UL's softball team dispatched its most recent challengers over the weekend, and remained the Sun Belt Conference's dominant force.
So much for the most recent pretender to the throne.
South Alabama's softball team had the audacity to come to UL's Lamson Park atop the Sun Belt Conference standings over the Easter weekend. Well, make that atop by percentage points, with the Jaguars' 11-2 record (.846 win percentage) marginally higher than the Ragin' Cajuns 5-1 (.833) mark.
By the time the weekend was over, percentage points didn't matter, and the visitors had come up empty on finding any Easter eggs.
The only eggs were on the scoreboard, where South Alabama had 24 of them lined up next to their name. That's all zeros in a 10-inning opener and two following seven-inning games, and instead of post-series handshakes, some of the Cajuns should have introduced the Jaguars to the five-sided piece of rubber between the batter's boxes that signifies scoring a run.
The Cajuns, ranked sixth nationally and maybe headed higher this week, swept the series by scores of 1-0, 2-0 and 3-0 in a three-game throwback to the way softball was played two decades ago. Back then, defense and pitching especially pitching dominated the game, and a big offensive rally was a walk, a stolen base, a bunt and a sacrifice fly.
Since then, the sport has changed radically, and there's not a better example than the Cajun squad that now stands at a mind-numbing 33-1 on the season. They rank in the top five nationally in both batting average and slugging percentage. They're the top scoring team in the nation, averaging well over nine runs per game, and there isn't anyone else close (UCLA is second at 7.75).
Senior Christi Orgeron is the nation's RBI leader by a huge margin (1.94 per game, nobody else is even at 1.5), and there are three other Cajuns in the national top 25. That's the national list, not the Sun Belt list, where UL is in its regular dominant statistical position.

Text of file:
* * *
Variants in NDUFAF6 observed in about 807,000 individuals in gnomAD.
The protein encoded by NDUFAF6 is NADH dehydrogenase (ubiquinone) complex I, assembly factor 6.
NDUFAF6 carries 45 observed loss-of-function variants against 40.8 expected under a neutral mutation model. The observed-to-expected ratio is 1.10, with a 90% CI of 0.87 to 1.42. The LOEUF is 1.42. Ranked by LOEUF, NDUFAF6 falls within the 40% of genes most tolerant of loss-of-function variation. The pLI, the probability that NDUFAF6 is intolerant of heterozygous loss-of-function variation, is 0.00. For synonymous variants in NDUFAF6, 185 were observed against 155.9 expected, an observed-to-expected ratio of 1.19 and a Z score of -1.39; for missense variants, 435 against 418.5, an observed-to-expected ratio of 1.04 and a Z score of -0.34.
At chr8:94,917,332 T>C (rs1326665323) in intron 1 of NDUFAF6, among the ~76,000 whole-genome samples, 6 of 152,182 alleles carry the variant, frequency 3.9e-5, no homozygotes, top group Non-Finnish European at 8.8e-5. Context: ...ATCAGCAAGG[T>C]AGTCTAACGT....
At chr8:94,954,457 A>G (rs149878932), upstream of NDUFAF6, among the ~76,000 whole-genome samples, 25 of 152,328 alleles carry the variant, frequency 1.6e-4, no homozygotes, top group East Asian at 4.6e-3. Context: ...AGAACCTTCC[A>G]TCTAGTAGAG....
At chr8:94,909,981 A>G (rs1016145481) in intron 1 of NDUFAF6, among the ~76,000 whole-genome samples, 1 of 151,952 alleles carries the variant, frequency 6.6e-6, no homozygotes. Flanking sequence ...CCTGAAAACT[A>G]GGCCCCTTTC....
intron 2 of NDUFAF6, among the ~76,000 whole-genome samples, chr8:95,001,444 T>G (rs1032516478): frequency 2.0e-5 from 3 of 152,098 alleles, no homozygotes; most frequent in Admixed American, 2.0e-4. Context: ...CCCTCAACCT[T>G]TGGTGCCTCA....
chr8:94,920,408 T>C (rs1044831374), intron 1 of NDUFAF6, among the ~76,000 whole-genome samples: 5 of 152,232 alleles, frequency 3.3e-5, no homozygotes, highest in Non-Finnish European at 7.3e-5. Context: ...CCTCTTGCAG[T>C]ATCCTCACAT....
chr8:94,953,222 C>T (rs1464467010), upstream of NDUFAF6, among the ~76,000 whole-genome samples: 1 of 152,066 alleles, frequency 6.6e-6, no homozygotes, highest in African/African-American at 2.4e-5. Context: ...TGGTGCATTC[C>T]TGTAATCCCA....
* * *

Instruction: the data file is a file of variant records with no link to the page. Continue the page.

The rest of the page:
That offensive attack has UL holding the nation's second-best overall record, trailing only California's 36-1 mark. And that attack has helped the Cajuns win games this season by scores of 12-7, 7-6 and 12-11, which they did during March.
But those scores also raised questions about UL's pitching. It seems silly to nit-pick when a team's won more than 97 percent in a sport where perfection is impossible, but UL has had to come from behind 11 times in those 33 wins. Even the team's most die-had fans wondered what would happen when pitchers Ashley Brignac and Jordan Wallace faced top-flight competition in rapid-fire succession.
That competition group was supposed to include South Alabama, which had won six and a row and 14 of 17 since the start of league play. So all Wallace and Brignac did was strike out 31 Jaguars while walking only three in three games. Wallace fanned 16 in the 10-inning opener, Brignac allowed three hits with eight strikeouts and no walks in the middle game and Wallace closed it out with a two-hitter in the finale.
The Cajuns' big bats had the weekend off. That happens over the course of a long season.
That hitting will return soon, and UL will need it for what shapes up as its only other true test in conference play, a series with Florida International (7-3) beginning Tuesday in Miami. But even if it doesn't get back to the gargantuan figures the Cajuns have compiled so far, not to worry. The pitching's just fine, and they're just fine playing the game old-style.
And there's definitely no arguing with the numbers.